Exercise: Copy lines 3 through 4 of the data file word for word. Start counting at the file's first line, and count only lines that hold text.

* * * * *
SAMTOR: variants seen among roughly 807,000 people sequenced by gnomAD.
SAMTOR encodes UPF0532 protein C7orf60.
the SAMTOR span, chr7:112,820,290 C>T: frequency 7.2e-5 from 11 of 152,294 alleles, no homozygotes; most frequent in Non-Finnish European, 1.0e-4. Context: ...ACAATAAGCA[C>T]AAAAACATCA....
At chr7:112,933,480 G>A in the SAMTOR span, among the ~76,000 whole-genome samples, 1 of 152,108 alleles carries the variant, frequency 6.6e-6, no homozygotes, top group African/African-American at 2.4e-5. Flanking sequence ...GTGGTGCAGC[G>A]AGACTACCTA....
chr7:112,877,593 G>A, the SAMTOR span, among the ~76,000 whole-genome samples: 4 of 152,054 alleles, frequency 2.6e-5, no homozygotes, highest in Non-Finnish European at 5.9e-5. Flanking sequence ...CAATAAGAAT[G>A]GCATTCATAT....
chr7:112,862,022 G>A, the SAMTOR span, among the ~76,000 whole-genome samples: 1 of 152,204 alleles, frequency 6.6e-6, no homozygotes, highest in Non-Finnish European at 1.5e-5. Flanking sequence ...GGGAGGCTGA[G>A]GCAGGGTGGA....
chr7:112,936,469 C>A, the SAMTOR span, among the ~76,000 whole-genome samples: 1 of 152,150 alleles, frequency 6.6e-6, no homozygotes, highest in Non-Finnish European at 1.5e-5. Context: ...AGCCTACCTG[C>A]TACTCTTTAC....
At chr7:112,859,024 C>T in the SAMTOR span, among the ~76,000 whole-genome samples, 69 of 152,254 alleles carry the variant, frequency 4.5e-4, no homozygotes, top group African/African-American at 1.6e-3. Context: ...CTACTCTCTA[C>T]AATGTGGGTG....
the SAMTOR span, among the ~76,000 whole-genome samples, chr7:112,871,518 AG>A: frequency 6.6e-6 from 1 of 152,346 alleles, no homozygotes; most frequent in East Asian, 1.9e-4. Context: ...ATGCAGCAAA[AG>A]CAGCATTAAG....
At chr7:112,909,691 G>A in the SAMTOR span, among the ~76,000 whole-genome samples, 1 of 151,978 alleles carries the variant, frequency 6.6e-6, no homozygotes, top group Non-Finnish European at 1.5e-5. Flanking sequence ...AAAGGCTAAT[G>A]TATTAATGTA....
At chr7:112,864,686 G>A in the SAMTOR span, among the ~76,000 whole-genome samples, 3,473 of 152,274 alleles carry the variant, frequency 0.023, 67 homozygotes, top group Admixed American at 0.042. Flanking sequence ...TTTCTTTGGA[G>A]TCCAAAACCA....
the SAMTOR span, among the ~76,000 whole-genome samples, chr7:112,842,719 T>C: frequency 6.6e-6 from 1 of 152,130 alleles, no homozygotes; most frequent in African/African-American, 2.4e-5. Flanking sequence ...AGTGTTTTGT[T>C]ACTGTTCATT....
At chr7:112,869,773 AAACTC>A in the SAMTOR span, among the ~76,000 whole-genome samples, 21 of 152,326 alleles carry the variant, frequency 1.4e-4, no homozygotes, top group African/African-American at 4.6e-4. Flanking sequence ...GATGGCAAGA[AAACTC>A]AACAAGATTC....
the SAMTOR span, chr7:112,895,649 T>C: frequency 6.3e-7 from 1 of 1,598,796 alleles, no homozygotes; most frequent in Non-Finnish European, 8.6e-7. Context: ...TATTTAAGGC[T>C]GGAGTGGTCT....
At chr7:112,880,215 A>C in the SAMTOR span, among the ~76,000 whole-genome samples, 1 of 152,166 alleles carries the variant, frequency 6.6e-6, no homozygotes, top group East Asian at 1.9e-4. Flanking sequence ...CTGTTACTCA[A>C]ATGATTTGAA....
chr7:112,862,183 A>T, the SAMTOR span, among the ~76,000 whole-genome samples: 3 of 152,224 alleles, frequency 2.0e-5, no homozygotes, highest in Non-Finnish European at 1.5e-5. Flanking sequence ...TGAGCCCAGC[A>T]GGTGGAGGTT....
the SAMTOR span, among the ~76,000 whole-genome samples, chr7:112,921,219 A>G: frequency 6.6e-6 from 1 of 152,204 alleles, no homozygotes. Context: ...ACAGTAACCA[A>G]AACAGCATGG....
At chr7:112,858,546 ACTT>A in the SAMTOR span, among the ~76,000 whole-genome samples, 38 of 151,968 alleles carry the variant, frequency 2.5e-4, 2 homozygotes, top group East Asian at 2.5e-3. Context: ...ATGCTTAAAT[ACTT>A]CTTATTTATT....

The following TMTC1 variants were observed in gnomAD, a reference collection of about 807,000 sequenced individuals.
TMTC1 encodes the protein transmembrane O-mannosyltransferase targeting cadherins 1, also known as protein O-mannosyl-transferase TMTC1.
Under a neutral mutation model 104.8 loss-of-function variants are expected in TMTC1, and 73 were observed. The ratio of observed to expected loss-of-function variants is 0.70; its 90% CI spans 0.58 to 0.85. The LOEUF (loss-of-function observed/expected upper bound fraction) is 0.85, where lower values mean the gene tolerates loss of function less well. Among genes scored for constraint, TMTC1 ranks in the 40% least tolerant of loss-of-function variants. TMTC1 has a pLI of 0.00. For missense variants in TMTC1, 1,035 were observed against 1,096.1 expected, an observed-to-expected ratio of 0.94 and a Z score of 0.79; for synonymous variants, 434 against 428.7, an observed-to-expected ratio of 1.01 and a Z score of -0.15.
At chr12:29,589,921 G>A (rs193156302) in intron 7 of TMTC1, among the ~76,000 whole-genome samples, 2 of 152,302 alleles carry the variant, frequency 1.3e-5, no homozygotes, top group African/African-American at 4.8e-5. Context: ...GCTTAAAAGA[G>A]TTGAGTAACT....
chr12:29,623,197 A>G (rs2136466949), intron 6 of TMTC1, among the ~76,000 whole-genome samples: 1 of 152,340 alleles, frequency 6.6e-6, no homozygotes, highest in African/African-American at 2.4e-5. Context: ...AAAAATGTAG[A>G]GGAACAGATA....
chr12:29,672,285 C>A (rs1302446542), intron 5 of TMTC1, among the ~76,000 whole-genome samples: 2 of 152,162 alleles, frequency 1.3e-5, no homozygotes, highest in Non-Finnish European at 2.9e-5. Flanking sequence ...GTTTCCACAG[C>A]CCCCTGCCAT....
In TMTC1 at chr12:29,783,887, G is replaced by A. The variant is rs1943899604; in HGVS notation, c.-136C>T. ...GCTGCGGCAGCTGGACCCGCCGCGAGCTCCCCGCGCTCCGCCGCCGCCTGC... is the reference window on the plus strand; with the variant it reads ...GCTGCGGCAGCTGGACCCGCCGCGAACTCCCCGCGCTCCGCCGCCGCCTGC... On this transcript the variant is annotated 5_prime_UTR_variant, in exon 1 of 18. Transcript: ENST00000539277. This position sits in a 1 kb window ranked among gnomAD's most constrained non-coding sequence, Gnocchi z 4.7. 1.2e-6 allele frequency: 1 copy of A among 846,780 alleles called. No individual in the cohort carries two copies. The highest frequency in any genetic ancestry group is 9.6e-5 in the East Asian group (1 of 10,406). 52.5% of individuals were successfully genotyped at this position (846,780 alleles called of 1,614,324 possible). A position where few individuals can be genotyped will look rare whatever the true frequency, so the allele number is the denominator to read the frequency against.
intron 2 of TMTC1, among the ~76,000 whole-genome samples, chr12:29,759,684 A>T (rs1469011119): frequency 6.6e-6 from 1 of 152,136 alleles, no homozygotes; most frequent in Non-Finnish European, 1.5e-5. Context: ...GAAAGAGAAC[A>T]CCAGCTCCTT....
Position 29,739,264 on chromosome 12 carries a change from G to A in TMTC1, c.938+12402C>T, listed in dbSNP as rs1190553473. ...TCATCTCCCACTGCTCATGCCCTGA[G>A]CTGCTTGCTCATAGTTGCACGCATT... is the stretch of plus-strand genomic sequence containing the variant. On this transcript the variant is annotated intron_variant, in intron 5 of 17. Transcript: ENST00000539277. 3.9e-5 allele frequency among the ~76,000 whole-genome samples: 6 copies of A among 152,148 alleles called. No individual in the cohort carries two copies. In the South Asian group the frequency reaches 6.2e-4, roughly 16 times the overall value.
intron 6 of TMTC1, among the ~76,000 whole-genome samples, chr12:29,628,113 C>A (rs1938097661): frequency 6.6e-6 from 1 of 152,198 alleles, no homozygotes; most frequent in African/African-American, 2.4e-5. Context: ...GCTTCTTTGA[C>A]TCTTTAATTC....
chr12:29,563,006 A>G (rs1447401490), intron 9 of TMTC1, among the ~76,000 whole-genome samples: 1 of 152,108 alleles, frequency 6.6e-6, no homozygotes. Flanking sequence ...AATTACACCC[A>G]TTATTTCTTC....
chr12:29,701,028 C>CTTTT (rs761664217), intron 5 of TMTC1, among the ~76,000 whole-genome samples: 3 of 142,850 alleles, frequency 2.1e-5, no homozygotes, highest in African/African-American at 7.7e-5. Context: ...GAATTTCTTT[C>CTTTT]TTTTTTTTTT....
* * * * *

the SAMTOR span, chr7:112,820,290 C>T: frequency 7.2e-5 from 11 of 152,294 alleles, no homozygotes; most frequent in Non-Finnish European, 1.0e-4. Context: ...ACAATAAGCA[C>T]AAAAACATCA....
At chr7:112,933,480 G>A in the SAMTOR span, among the ~76,000 whole-genome samples, 1 of 152,108 alleles carries the variant, frequency 6.6e-6, no homozygotes, top group African/African-American at 2.4e-5. Flanking sequence ...GTGGTGCAGC[G>A]AGACTACCTA....